Our actions are more effective when they aligned with our identity.
This alignment creates a resonance that amplifies the impact of what we do. Resonance is the phenomenon that occurs when we apply vibration to an object that is equal (or nearly equal) to the natural frequency of that same object.
Resonance can be incredibly powerful. In 1940 the Tacoma Narrows Bridge collapsed because regular speed winds produced oscillations that matched the bridge’s natural frequency.
The same principle applies to our words and actions. When they resonate with our identity, our natural frequency, they become incredibly impactful. And that works for individuals, teams, and organizations.
That doesn’t mean that we should do is predefined in who we are.
“Genes can predispose, but they don’t predetermine.” — Gabor Mate
But we all have natural inclinations and. When we have clarity about who we are, we can design our unique journey towards our goals.
At the beginning of every learning process, it is natural to model our actions on someone else who already achieved what we want. But at some point, we must understand our uniqueness and find our own model if we really want to leap forward.
One of the problems when we want to install a new habit, it’s the delayed reward that comes with it. The costs of a good habit are in the present while the reward is potentially somewhere in the future. In general, with bad habits, it’s the opposite.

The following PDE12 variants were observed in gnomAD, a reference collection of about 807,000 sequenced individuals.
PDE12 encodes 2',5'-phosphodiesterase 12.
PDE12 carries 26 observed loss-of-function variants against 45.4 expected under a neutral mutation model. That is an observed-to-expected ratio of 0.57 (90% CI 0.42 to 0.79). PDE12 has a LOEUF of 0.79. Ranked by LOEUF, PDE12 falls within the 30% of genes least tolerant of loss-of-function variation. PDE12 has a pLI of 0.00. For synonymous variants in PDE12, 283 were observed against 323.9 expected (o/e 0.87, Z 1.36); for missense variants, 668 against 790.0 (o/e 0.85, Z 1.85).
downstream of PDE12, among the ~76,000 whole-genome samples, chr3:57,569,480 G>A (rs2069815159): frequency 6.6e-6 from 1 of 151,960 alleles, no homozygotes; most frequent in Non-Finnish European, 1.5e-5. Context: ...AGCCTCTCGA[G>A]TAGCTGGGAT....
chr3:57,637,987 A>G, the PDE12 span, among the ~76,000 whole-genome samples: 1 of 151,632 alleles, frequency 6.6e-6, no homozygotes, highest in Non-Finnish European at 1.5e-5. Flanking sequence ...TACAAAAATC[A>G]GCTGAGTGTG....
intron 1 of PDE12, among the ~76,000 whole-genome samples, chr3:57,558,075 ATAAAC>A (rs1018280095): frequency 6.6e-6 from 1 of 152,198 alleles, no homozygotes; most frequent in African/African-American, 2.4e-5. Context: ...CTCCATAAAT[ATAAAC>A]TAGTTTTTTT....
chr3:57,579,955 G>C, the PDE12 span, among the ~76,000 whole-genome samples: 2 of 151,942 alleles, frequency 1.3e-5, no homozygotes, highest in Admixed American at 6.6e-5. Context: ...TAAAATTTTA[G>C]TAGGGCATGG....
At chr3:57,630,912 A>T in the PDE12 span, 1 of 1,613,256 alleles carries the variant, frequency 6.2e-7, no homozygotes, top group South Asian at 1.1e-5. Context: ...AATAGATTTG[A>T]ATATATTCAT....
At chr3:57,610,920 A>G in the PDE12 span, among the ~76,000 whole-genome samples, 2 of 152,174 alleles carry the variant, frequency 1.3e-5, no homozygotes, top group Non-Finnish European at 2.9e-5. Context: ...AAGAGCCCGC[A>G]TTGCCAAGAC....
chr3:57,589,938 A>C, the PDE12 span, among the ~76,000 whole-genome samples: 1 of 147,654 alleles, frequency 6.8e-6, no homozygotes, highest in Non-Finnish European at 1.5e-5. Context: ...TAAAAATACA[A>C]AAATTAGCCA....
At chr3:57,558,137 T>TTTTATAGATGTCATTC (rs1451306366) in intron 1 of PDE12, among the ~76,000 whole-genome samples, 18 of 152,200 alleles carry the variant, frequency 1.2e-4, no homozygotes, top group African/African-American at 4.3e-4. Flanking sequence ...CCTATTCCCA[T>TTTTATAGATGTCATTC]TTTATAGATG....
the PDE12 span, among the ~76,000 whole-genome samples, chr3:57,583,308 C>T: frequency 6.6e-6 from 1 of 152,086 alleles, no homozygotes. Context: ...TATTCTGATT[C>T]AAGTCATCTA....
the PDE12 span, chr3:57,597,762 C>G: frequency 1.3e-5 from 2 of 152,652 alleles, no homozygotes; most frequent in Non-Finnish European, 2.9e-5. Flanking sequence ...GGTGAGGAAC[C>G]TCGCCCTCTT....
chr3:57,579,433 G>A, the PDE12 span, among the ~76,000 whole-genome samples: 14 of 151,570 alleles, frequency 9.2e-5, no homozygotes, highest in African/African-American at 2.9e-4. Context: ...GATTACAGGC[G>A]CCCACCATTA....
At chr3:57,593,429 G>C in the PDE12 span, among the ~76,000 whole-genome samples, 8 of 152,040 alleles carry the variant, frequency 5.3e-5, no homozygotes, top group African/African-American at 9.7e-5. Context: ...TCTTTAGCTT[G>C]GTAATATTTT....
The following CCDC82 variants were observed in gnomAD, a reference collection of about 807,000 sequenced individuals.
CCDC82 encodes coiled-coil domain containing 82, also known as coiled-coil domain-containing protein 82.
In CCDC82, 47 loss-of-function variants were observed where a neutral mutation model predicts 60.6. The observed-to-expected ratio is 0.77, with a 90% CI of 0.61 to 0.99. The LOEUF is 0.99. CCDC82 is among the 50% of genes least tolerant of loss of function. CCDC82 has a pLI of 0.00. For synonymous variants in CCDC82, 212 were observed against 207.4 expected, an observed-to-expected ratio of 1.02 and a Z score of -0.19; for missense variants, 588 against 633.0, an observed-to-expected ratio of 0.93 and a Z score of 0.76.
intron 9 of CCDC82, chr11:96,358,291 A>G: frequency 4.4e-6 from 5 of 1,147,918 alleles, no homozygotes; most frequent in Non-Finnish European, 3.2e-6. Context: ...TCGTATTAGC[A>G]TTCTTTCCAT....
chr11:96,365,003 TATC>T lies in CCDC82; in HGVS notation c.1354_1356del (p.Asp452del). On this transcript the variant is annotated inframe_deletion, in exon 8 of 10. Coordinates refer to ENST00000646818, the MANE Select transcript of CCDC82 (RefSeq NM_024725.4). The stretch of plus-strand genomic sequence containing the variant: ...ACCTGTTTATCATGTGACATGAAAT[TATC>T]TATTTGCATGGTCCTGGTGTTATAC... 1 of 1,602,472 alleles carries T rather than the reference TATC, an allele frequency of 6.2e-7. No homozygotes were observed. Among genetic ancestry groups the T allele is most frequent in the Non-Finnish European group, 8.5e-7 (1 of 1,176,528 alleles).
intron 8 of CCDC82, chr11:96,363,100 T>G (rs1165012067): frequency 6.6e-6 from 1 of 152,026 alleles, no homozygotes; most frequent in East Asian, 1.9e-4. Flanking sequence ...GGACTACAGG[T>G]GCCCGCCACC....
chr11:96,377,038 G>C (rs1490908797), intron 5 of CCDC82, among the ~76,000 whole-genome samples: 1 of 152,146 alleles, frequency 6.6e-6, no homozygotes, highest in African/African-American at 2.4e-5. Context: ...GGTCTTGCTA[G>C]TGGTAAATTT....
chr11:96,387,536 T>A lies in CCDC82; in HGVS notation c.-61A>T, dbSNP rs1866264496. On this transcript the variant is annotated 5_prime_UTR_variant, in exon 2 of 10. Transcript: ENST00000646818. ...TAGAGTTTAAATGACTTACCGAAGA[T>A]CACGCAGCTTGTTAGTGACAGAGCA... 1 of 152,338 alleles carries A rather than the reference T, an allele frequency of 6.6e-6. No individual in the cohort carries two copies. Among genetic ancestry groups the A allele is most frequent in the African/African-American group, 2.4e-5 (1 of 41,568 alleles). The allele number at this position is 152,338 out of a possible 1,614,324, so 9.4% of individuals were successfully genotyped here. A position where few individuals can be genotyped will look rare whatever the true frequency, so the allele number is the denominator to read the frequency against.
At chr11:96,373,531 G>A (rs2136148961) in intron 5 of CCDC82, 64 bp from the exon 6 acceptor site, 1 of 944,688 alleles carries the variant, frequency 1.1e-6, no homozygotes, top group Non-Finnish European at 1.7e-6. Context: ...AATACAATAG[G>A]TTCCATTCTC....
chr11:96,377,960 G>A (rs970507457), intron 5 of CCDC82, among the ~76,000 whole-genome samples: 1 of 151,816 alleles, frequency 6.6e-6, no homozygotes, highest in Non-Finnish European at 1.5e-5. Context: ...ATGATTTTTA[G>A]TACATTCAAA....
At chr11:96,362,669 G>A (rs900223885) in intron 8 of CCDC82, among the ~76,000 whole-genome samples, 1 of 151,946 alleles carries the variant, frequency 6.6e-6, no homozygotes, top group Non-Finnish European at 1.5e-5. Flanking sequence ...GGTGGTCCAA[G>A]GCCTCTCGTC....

Unfortunately, our brain hasn’t changed much from our prehistoric ancestors. Because their primary goal was to survive, our brain favors the present more than the future.
This is why for most of us it’s easy to slip into bad habits while it takes a lot of effort to start a new one.
However, being aware of this we can trick our mind adding an immediate reward to the habit we want to start. Something that makes you feel good as soon as you finished the activity you want to transform into a recurring practice.
But there’s a caveat.
The reward must be consistent with your identity and the one habit you want to create.
If you want to create the habit of training every day to get fit, you can’t use ice cream as a reward. It would send contradictory messages to your brain.
The more the habit becomes natural for you, the less you’ll need the reward. The simple act of doing your practice will be rewarding.
For me, the challenge is often the reward. When I started this writing habit, I printed a simple grid of 90 squares, and I challenge myself to tick all of them in 90 days. Seeing that “X” every day was my immediate reward. It made me feel good enough to keep going until it became natural.
In the early 1990s, the neuroscientist Antonio Damasio and his wife Hanna where studying patients with brain lesions that were affecting their ability to feel emotions but not their reason capabilities. They observed that when emotions and feelings are impaired, we are unable to make decisions.